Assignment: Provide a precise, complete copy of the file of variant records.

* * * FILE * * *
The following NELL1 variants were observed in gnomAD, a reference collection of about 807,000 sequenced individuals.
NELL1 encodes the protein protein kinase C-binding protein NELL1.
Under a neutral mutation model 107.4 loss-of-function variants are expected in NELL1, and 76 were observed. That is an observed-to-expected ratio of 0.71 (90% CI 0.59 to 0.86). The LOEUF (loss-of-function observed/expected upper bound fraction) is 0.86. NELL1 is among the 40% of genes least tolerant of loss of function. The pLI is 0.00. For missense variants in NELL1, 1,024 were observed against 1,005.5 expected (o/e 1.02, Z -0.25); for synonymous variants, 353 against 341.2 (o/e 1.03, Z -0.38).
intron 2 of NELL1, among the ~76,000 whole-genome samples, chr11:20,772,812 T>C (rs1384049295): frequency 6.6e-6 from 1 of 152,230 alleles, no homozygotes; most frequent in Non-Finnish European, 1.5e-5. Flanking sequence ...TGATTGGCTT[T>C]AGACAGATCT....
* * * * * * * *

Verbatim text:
The following NELL1 variants were observed in gnomAD, a reference collection of about 807,000 sequenced individuals.
NELL1 encodes the protein protein kinase C-binding protein NELL1.
Under a neutral mutation model 107.4 loss-of-function variants are expected in NELL1, and 76 were observed. That is an observed-to-expected ratio of 0.71 (90% CI 0.59 to 0.86). The LOEUF (loss-of-function observed/expected upper bound fraction) is 0.86. NELL1 is among the 40% of genes least tolerant of loss of function. The pLI is 0.00. For missense variants in NELL1, 1,024 were observed against 1,005.5 expected (o/e 1.02, Z -0.25); for synonymous variants, 353 against 341.2 (o/e 1.03, Z -0.38).
intron 2 of NELL1, among the ~76,000 whole-genome samples, chr11:20,772,812 T>C (rs1384049295): frequency 6.6e-6 from 1 of 152,230 alleles, no homozygotes; most frequent in Non-Finnish European, 1.5e-5. Flanking sequence ...TGATTGGCTT[T>C]AGACAGATCT....